Fall 2021 - COGS 110 D200

Learning in Everyday Life: The Art and Science of Hacking your Brain (3)

Class Number: 2662

Delivery Method: In Person


  • Course Times + Location:

    We 1:30 PM – 2:20 PM
    AQ 3154, Burnaby

    Fr 12:30 PM – 2:20 PM
    AQ 3150, Burnaby



An introduction to learning and decision-making in everyday life. Projects in this course piggyback on each student's other coursework or outside interests and so are directly relevant to their personal circumstances. This course gives students the knowledge necessary to make any learning situation easier and more fun. Breadth-Hum/Social Sci/Science.


The study of the mind is called Cognitive Science. It is interdisciplinary and involves techniques and perspectives from Psychology, Computing Science, Philosophy, Linguistics and related disciplines. This course focuses on the cognitive science of learning and decision-making, from the low-level properties of the brain’s neural networks to the high-level cultural factors that shape our view of expert performers. A variety of topics related to learning will be covered, including motivation, the procrastination, memory, and expertise. The focus is always on concrete applications: how to overcome the learning challenges we face in daily life. Overall, the goal of Cogs 110 Learning to Learn is to give students the knowledge and skills necessary to make any learning situation easier and more fun.


  • 3 Assignments: 21%
  • 8 Mastery Tests (pass-fail; multiple attempts): 64%
  • Final Cumulative Test (on last day of class): 15%
  • No Final Exam
  • Course grades are not curved, and an A is achievable by all students.


The course provides a team-like learning environment. Students are expected to learn 100% of material, and to follow detailed study guides.

Registrar Notes:


SFU’s Academic Integrity web site http://www.sfu.ca/students/academicintegrity.html is filled with information on what is meant by academic dishonesty, where you can find resources to help with your studies and the consequences of cheating.  Check out the site for more information and videos that help explain the issues in plain English.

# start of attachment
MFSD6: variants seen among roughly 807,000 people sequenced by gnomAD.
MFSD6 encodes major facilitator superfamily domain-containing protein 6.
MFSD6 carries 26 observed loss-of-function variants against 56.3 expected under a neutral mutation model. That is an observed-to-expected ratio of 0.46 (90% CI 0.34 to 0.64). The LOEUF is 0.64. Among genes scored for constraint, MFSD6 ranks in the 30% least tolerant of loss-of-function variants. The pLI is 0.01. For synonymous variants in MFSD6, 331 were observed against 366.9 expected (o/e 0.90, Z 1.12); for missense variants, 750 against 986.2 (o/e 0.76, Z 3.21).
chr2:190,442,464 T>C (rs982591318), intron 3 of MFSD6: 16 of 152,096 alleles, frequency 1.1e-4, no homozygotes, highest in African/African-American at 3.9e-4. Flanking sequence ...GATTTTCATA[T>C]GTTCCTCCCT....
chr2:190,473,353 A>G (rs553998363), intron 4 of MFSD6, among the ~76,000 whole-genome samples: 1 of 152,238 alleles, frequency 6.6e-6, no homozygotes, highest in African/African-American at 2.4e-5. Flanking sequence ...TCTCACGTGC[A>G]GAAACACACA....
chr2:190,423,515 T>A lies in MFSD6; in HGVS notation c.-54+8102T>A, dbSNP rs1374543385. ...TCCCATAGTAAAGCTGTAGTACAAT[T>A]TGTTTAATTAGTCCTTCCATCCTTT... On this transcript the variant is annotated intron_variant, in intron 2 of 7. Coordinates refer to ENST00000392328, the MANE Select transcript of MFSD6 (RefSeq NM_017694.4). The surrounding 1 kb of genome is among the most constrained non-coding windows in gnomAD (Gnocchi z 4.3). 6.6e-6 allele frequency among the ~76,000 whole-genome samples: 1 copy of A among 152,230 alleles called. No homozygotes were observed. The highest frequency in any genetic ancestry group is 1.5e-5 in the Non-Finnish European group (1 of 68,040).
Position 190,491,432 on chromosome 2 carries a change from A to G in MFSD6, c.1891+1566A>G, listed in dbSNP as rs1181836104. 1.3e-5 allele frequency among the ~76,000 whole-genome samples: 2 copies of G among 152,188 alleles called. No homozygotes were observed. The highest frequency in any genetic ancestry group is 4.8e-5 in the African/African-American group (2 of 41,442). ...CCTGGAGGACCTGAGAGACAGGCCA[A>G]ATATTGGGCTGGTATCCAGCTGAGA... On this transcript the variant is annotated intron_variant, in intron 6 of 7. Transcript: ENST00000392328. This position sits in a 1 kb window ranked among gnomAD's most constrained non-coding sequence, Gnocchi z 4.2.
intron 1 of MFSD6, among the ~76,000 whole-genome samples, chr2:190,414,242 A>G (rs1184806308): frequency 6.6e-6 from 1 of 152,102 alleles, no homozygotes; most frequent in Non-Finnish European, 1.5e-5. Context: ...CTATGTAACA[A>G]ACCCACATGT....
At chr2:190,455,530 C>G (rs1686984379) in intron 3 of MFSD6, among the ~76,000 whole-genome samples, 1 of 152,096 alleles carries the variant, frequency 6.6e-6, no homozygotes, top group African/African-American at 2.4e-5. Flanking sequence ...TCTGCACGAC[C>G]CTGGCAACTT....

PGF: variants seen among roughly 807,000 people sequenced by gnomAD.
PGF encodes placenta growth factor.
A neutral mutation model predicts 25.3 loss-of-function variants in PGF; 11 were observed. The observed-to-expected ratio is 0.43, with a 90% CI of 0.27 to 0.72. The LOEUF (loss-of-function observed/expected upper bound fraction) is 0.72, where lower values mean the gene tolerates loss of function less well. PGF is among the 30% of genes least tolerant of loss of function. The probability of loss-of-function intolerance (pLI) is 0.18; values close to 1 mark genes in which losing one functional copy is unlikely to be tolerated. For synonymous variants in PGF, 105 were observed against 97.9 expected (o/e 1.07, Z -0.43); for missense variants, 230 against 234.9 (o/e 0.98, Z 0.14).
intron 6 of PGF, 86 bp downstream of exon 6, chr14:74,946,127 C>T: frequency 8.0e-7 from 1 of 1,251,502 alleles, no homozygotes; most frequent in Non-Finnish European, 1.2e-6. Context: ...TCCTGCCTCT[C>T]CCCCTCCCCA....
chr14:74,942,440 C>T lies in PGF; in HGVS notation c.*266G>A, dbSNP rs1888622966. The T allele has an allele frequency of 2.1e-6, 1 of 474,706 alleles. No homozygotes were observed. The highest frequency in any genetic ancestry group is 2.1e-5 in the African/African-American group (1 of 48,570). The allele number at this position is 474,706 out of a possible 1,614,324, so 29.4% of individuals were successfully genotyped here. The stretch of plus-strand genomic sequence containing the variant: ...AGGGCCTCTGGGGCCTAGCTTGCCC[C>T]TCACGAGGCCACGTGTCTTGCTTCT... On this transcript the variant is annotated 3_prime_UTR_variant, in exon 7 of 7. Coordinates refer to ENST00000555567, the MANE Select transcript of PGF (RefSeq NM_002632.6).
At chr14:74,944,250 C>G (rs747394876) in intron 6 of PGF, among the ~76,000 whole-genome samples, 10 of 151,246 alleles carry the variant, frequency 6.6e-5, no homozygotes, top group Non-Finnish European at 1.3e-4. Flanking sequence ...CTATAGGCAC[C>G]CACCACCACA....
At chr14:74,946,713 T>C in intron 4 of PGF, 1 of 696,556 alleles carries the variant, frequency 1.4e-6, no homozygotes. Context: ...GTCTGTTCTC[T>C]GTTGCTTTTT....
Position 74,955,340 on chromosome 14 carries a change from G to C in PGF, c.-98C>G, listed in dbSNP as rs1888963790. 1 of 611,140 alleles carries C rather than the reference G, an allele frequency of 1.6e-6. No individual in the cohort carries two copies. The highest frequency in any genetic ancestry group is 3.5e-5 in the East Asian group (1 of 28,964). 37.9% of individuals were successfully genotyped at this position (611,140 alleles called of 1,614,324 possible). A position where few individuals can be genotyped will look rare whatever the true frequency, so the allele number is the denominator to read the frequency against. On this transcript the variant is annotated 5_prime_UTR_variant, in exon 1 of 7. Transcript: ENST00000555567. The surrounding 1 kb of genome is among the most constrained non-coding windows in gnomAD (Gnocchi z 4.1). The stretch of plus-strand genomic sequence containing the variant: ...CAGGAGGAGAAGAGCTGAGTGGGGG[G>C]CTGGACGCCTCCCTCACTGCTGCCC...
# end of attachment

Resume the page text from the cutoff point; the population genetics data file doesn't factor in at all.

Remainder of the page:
Each student is responsible for his or her conduct as it affects the University community.  Academic dishonesty, in whatever form, is ultimately destructive of the values of the University. Furthermore, it is unfair and discouraging to the majority of students who pursue their studies honestly. Scholarly integrity is required of all members of the University. http://www.sfu.ca/policies/gazette/student/s10-01.html


Teaching at SFU in fall 2021 will involve primarily in-person instruction, with approximately 70 to 80 per cent of classes in person/on campus, with safety plans in place.  Whether your course will be in-person or through remote methods will be clearly identified in the schedule of classes.  You will also know at enrollment whether remote course components will be “live” (synchronous) or at your own pace (asynchronous).

Enrolling in a course acknowledges that you are able to attend in whatever format is required.  You should not enroll in a course that is in-person if you are not able to return to campus, and should be aware that remote study may entail different modes of learning, interaction with your instructor, and ways of getting feedback on your work than may be the case for in-person classes.

Students with hidden or visible disabilities who may need class or exam accommodations, including in the context of remote learning, are advised to register with the SFU Centre for Accessible Learning (caladmin@sfu.ca or 778-782-3112) as early as possible in order to prepare for the fall 2021 term.